Long lost 137-year-old FDNY ledger discovered in Fla.
An FDNY ledger from 1881, assumed forever lost, emerged from the shadows of history in the hands of a school administrator
By Adam Schrader and Graham Rayman
New York Daily News
NEW YORK — A piece of New York City firefighting history is back in the hands of the Bravest — after more than 130 years.
An FDNY ledger from 1881, assumed forever lost, emerged from the shadows of history in the hands of a St. Augustine, Fla., school administrator.
Handwritten in elegant black and red script, the 400-page, 137-year-old ledger lives today as a minute-to-minute chronicle of the first year in the life of the nascent Engine Co. 48 in the Bronx.
Recorded therein is everything from the mundane — fetching a hay bale to feed the horses or trips to the barber or lunch — to the serious: three-alarm fires.
“Received by telegraph 2nd alarm station 339,” read entries from Nov. 7, 1881. “Received by telegraph 3rd alarm for station 339.”
The authors noted down routine checks of the telegraph system they used to communicate in those pre-radio days. The journal notes firefighters relieving each other from “house watch,” a practice still in use today.
“Horses hitched for practice time, consumed 10 minutes,” reads another entry.
The company typically had two officers and 11 “firemen” — with names such as Owens, Moore, Fogarty, Steele, Purroy and Reilly.
“This is our first connection to the original firefighters. We didn't know much about them until now,” said Deputy Chief Jay Jonas, the unit commander. “There wasn't a lot of down time back then. Essentially the firemen lived in the firehouse and saw their families one day a week. Back in that time, all the water was horse drawn.”
In 1881, James A. Garfield became President. He was shot dead four months later. Billy the Kid escaped from jail, the famed Gunfight at the OK Corral happened, and the American Red Cross was established. It was just 16 years after the end of the Civil War.
The ledger notations were critical to the early fire service to know what was happening in its firehouses as the city entered the industrial age and really began to grow. Back then, the Bronx was still considered the country.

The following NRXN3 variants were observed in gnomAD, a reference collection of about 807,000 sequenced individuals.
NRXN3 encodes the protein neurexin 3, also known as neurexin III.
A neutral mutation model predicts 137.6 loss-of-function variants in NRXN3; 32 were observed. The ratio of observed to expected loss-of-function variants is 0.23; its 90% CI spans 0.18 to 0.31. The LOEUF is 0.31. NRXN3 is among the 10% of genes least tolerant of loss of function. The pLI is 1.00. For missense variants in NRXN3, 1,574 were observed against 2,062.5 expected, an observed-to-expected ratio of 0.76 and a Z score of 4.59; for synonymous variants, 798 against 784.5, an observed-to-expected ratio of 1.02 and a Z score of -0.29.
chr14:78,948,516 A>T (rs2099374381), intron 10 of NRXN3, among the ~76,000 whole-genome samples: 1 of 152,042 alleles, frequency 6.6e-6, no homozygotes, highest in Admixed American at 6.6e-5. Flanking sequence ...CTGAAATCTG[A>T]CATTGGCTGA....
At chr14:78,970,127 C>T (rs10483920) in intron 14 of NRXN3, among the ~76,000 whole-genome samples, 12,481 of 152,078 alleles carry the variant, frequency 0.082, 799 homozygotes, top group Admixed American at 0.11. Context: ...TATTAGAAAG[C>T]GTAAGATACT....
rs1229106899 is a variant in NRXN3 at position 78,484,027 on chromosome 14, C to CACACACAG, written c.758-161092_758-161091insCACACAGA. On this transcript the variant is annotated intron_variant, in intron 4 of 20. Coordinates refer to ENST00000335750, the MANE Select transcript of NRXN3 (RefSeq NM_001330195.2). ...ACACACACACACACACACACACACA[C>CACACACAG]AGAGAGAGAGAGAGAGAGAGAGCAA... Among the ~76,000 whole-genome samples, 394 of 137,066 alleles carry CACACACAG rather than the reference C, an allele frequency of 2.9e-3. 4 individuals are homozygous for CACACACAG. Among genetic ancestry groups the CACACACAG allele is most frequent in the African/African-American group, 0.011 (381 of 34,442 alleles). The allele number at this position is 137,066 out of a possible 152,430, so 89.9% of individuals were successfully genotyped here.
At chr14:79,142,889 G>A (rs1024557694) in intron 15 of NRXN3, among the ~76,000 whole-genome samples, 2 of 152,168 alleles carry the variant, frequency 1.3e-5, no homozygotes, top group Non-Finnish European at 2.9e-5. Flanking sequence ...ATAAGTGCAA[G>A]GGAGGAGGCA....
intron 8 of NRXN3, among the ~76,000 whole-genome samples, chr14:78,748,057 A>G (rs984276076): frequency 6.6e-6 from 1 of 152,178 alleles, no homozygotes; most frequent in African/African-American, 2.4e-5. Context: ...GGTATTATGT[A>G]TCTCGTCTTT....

Jonas said the firefighters were nervous about paging through the delicate tome, its survival doubly amazing because the FDNY typically keeps ledgers for only 20 years. "We want to look through to see when the first big fires were, but as you can see, the pages are so brittle," he said.
The chief noted despite technology, time, and the advent of highly combustible material like plastic, the core of the job hasn’t changed all that much. “You still have to put water on fire to put it out," he said. "The fire environment itself has changed but the way we fight fires is more or less the same.”
When Paul Pelletier, a maintenance supervisor at the R.J. Murray Middle School in St. Augustine, found the book in an old house a few years ago, he recognized that it wasn’t just some dusty relic.
“I grew up in Vermont in an old home, and I’ve been around antiques all my life,” Pelletier, 48, recalled. “I just knew it was something I didn’t want to see lost. I thought it would interest the history teachers.”
Pelletier’s hobby of repurposing and rebuilding old furniture led to the find, which he would look at it from time to time, read the carefully scrawled entries and imagine what it was like to fight fires in those days.
About a month ago, he decided to return it to the engine company.
He turned to St. John’s County Deputy Sheriff Jack Brush, a 53-year-old youth resources officer.
Brush, 53, happens to know an FDNY battalion chief from the Bronx, Daniel Sheridan, who he met on a 600-mile bicycle ride in memory of fallen emergency responders.
Pelletier penned a letter to Sheridan and the FDNY.
“I have come into possession of something that belongs to you,” he wrote. “It’s truly a piece of history that has become lost in time. I wish to return this book to you in hopes that you will keep it safe and that it may find its place into a place of honor.”
Sheridan delivered the package to the engine company, and the rest is, well, history.
Pelletier’s only regret is that he doesn’t remember the location of the house where he found the journal. So, the mystery of its 1,000-mile journey from a firehouse in the Bronx to a house in St. Augustine may never be solved.
“It’s been exciting to be a part of this,” he said.
Engine 48 Lt. James McCarren said he hopes to display the book soon and invite Pelletier to come see it. The firehouse first plans to bring in someone to rebind the ledger and preserve it.
“It's lucky that a guy was willing to give us our treasure back. The chances of that happening are rare. That they have the integrity to do that is a gift in of itself,” he said.
“It makes you a better firefighter to know where you started, not just the technological advances that have happened since, but that things have stayed the same. The camaraderie and traditions still hold true.”
Copyright 2018 New York Daily News